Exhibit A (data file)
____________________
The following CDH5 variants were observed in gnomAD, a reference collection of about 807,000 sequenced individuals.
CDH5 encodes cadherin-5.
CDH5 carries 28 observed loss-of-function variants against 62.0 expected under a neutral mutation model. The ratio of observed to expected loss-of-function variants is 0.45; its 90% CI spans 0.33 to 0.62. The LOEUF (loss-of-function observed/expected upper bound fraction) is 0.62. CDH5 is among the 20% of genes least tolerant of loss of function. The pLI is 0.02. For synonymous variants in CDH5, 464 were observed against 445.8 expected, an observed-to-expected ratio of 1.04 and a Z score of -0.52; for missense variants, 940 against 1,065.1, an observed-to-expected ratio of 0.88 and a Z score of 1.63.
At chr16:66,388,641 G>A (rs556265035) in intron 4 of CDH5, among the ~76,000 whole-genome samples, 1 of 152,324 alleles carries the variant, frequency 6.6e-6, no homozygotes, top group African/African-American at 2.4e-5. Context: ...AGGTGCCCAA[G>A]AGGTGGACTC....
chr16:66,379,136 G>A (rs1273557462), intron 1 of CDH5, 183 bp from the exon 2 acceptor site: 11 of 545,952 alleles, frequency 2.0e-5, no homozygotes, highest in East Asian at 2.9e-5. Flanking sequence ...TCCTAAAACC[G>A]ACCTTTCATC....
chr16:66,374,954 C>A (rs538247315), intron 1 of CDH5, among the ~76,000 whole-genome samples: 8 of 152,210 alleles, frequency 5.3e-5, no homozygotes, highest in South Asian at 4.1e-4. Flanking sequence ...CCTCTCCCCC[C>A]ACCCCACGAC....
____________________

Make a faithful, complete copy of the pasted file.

The following CDH5 variants were observed in gnomAD, a reference collection of about 807,000 sequenced individuals.
CDH5 encodes cadherin-5.
CDH5 carries 28 observed loss-of-function variants against 62.0 expected under a neutral mutation model. The ratio of observed to expected loss-of-function variants is 0.45; its 90% CI spans 0.33 to 0.62. The LOEUF (loss-of-function observed/expected upper bound fraction) is 0.62. CDH5 is among the 20% of genes least tolerant of loss of function. The pLI is 0.02. For synonymous variants in CDH5, 464 were observed against 445.8 expected, an observed-to-expected ratio of 1.04 and a Z score of -0.52; for missense variants, 940 against 1,065.1, an observed-to-expected ratio of 0.88 and a Z score of 1.63.
At chr16:66,388,641 G>A (rs556265035) in intron 4 of CDH5, among the ~76,000 whole-genome samples, 1 of 152,324 alleles carries the variant, frequency 6.6e-6, no homozygotes, top group African/African-American at 2.4e-5. Context: ...AGGTGCCCAA[G>A]AGGTGGACTC....
chr16:66,379,136 G>A (rs1273557462), intron 1 of CDH5, 183 bp from the exon 2 acceptor site: 11 of 545,952 alleles, frequency 2.0e-5, no homozygotes, highest in East Asian at 2.9e-5. Flanking sequence ...TCCTAAAACC[G>A]ACCTTTCATC....
chr16:66,374,954 C>A (rs538247315), intron 1 of CDH5, among the ~76,000 whole-genome samples: 8 of 152,210 alleles, frequency 5.3e-5, no homozygotes, highest in South Asian at 4.1e-4. Flanking sequence ...CCTCTCCCCC[C>A]ACCCCACGAC....